Lord Taverne: My Lords, while some very interesting work has been done in India and interesting developments have occurred on the thorium-based reactor systems, is it not true that even those who feel that the research is very useful admit that it will remain very much a second string for a long time? Is it not vital that the Government should not be diverted from the fastest possible programme for building nuclear power stations? Should it not be noted by the anti-nuclear lobbies that the German decision to close down nuclear power will make Germany much more dependent on fossil fuels and will greatly increase carbon emissions from Germany?
Lord Marland: My noble friend makes a valuable point. He is referring to the Kakrapar plant in India, which the Indians are trying to develop. Clearly, we must press on with our nuclear programme. We are disappointed that Germany has taken a different attitude. I pay tribute to all those involved in the nuclear industry and in this debate, particularly in this House, who have kept a steady nerve while all around us things are going pear shaped. As a result, we will come out with a very careful and committed process for new nuclear generation.
Lord Broers: Does the Minister agree with me that we must fully fund R&D in nuclear, including thorium, so that we develop a mature understanding of this, but, almost more importantly, that we should focus our R&D in such a way that we enable our industry to bid effectively for the contracts that will be put out to build our nuclear plants, as, indeed, the Germans have done in the supply of train carriages?
Lord Marland: I think the noble Lord was referring particularly to training. We have to show a very clear pathway, as we have done recently. Last week, we announced six new sites for nuclear reactors. Clearly, we have to develop a training programme for the 60,000 jobs that will be required in the nuclear industry. The Government remain very committed to it.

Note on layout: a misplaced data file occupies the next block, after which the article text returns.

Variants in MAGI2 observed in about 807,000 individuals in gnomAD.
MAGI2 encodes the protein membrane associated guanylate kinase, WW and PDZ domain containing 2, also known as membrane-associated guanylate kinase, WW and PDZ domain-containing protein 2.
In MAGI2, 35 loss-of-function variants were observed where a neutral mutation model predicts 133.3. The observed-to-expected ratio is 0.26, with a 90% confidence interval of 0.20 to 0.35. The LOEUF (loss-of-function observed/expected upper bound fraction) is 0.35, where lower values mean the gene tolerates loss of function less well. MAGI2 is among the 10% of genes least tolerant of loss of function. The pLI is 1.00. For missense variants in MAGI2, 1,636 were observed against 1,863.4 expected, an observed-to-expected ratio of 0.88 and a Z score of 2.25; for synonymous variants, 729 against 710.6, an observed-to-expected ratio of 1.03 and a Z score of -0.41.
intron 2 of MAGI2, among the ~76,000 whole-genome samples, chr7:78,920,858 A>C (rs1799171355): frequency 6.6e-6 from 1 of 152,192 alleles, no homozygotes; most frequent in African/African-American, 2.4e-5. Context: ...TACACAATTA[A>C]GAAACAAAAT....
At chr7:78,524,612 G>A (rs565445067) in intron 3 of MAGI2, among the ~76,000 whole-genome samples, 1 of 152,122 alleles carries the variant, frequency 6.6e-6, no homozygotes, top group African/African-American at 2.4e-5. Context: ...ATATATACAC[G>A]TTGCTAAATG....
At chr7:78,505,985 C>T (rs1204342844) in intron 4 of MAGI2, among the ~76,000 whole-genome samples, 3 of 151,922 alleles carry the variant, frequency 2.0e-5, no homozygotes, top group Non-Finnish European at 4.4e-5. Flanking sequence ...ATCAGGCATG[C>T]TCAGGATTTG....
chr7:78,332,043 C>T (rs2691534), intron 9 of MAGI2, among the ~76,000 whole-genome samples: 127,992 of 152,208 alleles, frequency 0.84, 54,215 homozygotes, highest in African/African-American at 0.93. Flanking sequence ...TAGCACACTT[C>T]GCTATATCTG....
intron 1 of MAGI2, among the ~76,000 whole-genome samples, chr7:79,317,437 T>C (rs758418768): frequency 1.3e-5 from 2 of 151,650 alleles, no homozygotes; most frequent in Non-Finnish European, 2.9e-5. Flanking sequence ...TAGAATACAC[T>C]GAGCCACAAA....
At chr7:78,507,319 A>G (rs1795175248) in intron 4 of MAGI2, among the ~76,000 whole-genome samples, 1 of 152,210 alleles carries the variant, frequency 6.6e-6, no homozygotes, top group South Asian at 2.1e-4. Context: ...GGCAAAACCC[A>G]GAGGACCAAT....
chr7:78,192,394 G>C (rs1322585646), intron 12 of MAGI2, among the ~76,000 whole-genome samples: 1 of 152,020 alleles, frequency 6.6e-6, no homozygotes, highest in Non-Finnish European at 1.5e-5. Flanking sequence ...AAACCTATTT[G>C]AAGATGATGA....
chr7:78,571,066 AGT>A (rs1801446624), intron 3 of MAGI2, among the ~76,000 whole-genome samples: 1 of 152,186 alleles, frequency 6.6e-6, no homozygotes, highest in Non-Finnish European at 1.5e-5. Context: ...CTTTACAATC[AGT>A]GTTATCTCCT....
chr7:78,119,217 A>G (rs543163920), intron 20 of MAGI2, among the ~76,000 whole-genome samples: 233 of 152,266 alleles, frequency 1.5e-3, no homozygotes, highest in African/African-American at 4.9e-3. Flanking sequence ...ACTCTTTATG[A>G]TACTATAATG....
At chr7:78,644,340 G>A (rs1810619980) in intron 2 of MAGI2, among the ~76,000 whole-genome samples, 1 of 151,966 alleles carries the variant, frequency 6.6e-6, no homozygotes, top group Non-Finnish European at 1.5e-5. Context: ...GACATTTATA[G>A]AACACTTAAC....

Lord Willis of Knaresborough: My Lords—
The Chancellor of the Duchy of Lancaster (Lord Strathclyde): My Lords, we must move on to the next Question.
I think my favorite part of the entire proceeding was when Baroness Trumpington asked:
21 thoughts on “Thorium Discussion in the House of Lords”
Dont have, dont want stupid Silverlight. Any other way to watch the video?
let the world wait till summer and hear what the National Nuclear Laboratory suggests to the Lords.
Kirk – thanks for the post, and the transcript is a great help. I'm glad that the politicians are at least trying to show that they know what they're talking about – even when they remember the irrelevant.
@rod young – I don't think the Lords will find the National Nuclear Laboratory particularly helpful. Charles Barton at Nuclear Green discusses a paper titled The Thorium Fuel Cycle from the NNL and finds it wanting. Seriously flawed, in fact; it doesn't reference anything except the NNL's internal experience with thorium. The paper doesn't seem to be available on the NNL site. If you're in the UK you might want to direct the Lords's attention to Charles's critique. Especially Baroness Worthington; she seems pretty sharp.
Here's a link to the clipped YouTube version:
I just did a YouTube re-posting as well. Shoot, I was still working on mine when you posted yours. Anywhere here it is…
…it has a correct transcript, and 16:9 aspect ratio. And it has the Creative Commons Attribution License (CC-BY), which we should probably try do for stuff like this, as it makes the next person's job easier if they try re-use the content in a LFTR remix.
Couldn't you just weep at the ineptitude of politicians to grasp the staggering significance of LFTRs to curing or significantly mitigating the worst problems facing humankind.
The biggest hole in their knowledge is the massive reduction in costs that can be achieved by using LFTRs over any other technology. And, more importantly, what else could be done with the money we (it's our taxes) save.
Gergee, I've embedded Gordon's video edit in the post now so you should be able to view it without Silverlight.
Is there a definite date to the National Nuclear Laboratory report? When does "end of summer" mean?
Will this be a one solely devoted to Liquid Fluoride Thorium Reactor?
==> The Baroness Worthington really needs to hammer on the differences between solid vs. liquid thorium fuel. All the folks in the video clip are talking past one another. Those in favor of thorium have in mind TFMSR and LFTR. Those objecting to thorium constantly refer to India, Dr. Rubbia, and solid fuel research. It just drives me nuts. Please, everyone, get on the same page, and get the basic definitions ("What is thorium?")ready on a list for quick reference. Be prepared for really deep ignorance.
"I think my favorite part of the entire proceeding was when Baroness Trumpington asked:
“My Lords, please forgive my ignorance, but what is thorium?”